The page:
# Fourier Transform of the Sine and Cosine Functions

Signals and SystemsElectronics & ElectricalDigital Electronics

## Fourier Transform

The Fourier transform of a continuous-time function $x(t)$ can be defined as,

$$\mathrm{x(\omega)=\int_{−\infty}^{\infty}x(t)e^{-j\omega t }dt}$$

## Fourier Transform of Sine Function

Let

$$\mathrm{x(t)=sin\:\omega_{0} t}$$

From Euler’s rule, we have,

$$\mathrm{x(t)=sin\:\omega_{0} t=\left[\frac{ e^{j\omega_{0} t}- e^{-j\omega_{0} t}}{2j} \right]}$$

Then, from the definition of Fourier transform, we have,

$$\mathrm{F[sin\:\omega_{0} t]=X(\omega)=\int_{−\infty}^{\infty}x(t)e^{-j\omega t}dt=\int_{−\infty}^{\infty}sin\:\omega_{0}\: t\: e^{-j\omega t}dt}$$

$$\mathrm{ \Rightarrow\:X(\omega)=\int_{−\infty}^{\infty}\left[ \frac{e^{j\omega_{0} t}-e^{-j\omega_{0} t}}{2j}\right] e^{-j\omega t}dt}$$

$$\mathrm{\Rightarrow\:X(\omega)=\frac{1}{2j}\left[ \int_{−\infty}^{\infty}e^{j\omega_{0} t}e^{-j\omega t} dt-\int_{−\infty}^{\infty} e^{-j\omega_{0} t}e^{-j\omega t} dt\right]}$$

$$\mathrm{=\frac{1}{2j}\{F[e^{j\omega_{0} t}] -F[e^{-j\omega_{0} t}]\}}$$

Since, the Fourier transform of complex exponential function is given by,

$$\mathrm{F[e^{j\omega_{0} t}]=2\pi\delta(\omega-\omega_{0})\:\:and\:\:F[e^{-j\omega_{0} t}]=2\pi\delta(\omega+\omega_{0})}$$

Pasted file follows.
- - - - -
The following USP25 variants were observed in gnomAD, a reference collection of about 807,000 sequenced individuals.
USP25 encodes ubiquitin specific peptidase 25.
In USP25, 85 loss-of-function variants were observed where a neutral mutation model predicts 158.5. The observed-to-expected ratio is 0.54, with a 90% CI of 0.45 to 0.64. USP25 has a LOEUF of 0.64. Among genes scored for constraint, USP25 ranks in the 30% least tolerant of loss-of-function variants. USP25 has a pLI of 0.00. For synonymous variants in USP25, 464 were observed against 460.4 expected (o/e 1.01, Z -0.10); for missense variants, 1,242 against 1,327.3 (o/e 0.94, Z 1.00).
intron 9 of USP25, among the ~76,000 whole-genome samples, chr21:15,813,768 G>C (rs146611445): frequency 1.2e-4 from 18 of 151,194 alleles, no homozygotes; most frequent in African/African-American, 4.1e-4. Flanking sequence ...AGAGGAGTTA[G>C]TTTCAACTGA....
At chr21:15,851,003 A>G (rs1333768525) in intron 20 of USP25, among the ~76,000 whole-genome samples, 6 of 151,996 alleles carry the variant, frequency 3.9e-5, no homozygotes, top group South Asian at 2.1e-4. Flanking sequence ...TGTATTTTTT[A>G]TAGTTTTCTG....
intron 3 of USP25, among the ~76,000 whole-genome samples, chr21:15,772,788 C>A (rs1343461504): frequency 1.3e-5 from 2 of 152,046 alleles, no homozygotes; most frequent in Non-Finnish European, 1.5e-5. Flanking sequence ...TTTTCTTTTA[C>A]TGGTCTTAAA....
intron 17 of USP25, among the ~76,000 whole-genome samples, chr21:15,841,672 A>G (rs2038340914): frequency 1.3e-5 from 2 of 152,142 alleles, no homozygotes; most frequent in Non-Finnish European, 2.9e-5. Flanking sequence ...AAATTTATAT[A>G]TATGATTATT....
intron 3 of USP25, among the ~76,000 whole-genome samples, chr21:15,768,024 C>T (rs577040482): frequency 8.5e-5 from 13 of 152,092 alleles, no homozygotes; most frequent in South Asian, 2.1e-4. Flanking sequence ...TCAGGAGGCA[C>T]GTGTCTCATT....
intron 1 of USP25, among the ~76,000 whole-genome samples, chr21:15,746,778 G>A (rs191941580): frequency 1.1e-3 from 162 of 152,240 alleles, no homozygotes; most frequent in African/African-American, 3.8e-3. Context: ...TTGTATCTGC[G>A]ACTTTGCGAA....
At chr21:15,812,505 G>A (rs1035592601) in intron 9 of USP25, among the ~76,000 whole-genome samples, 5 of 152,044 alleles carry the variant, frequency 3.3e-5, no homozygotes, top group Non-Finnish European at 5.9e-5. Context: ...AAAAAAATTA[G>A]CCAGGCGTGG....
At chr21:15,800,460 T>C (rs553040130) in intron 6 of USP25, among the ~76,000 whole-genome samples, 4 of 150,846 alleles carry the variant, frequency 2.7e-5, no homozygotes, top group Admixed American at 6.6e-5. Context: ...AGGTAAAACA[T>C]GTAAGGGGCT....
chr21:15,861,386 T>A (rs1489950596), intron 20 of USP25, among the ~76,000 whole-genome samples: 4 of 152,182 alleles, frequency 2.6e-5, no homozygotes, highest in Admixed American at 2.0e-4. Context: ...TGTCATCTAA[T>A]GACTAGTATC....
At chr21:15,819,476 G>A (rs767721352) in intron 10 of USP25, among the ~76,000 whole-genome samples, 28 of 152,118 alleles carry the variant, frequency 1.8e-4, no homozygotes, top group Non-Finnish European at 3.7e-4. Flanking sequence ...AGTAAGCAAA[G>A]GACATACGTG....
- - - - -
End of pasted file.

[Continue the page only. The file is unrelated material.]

$$\mathrm{ \therefore\:X(\omega)=\frac{1}{2j}[2\pi\delta(\omega-\omega_{0})-2\pi\delta(\omega+\omega_{0})]}$$

$$\mathrm{\Rightarrow\:X(\omega)=-j\pi[\delta(\omega-\omega_{0})-\delta(\omega+\omega_{0})]}$$

Therefore, the Fourier transform of the sine wave is,

$$\mathrm{F[sin\:\omega_{0}\:t]=-j\pi[\delta(\omega-\omega_{0})-\delta(\omega+\omega_{0})]}$$

Or, it can also be represented as,

$$\mathrm{sin\:\omega_{0}\:t\overset{FT}{\leftrightarrow}-j\pi[\delta(\omega-\omega_{0})-\delta(\omega+\omega_{0})]}$$

The graphical representation of the sine function with its magnitude and phase spectra is shown in Figure-1.

## Fourier Transform of Cosine Function

Given

$$\mathrm{x(t)=cos\:\omega_{0}t}$$

From Euler’s rule, we have,

$$\mathrm{cos\:\omega_{0}t=\left[\frac{e^{j\omega_{0} t}+e^{-j\omega_{0} t}}{2}\right]}$$

Then, from the definition of Fourier transform, we have,

$$\mathrm{F[cos\:\omega_{0} t]=X(\omega)=\int_{−\infty}^{\infty}x(t)e^{-j\omega t}dt=\int_{−\infty}^{\infty}cos\:\omega_{0} t e^{-j\omega t}dt}$$

$$\mathrm{\Rightarrow\:X(\omega)=\int_{−\infty}^{\infty}\left[\frac{e^{j\omega_{0} t}+e^{-j\omega_{0} t}}{2} \right]e^{-j\omega t}dt}$$

$$\mathrm{\Rightarrow\:X(\omega)=\frac{1}{2}\left[ \int_{−\infty}^{\infty}e^{j\omega_{0} t}e^{-j\omega t} dt+ \int_{−\infty}^{\infty}e^{-j\omega_{0} t}e^{-j\omega t} dt \right]}$$

$$\mathrm{=\frac{1}{2}\{F[e^{j\omega_{0} t}]+ F[e^{-j\omega_{0} t}]\}}$$

$$\mathrm{\Rightarrow\:X(\omega)=\frac{1}{2}[2\pi\delta(\omega-\omega_{0})+2\pi\delta(\omega+\omega_{0})]}$$

$$\mathrm{\Rightarrow\:X(\omega)=\pi[\delta(\omega-\omega_{0})+\delta(\omega+\omega_{0})]}$$

Therefore, the Fourier transform of cosine wave function is,

$$\mathrm{F[cos\:\omega_{0} t]=\pi[\delta(\omega-\omega_{0})+\delta(\omega+\omega_{0})]}$$

Or, it can also be represented as,

$$\mathrm{cos\:\omega_{0} t\overset{FT}{\leftrightarrow}\pi[\delta(\omega-\omega_{0})+\delta(\omega+\omega_{0})]}$$

The graphical representation of the cosine wave signal with its magnitude and phase spectra is shown in Figure-2.

Published on 09-Dec-2021 06:57:00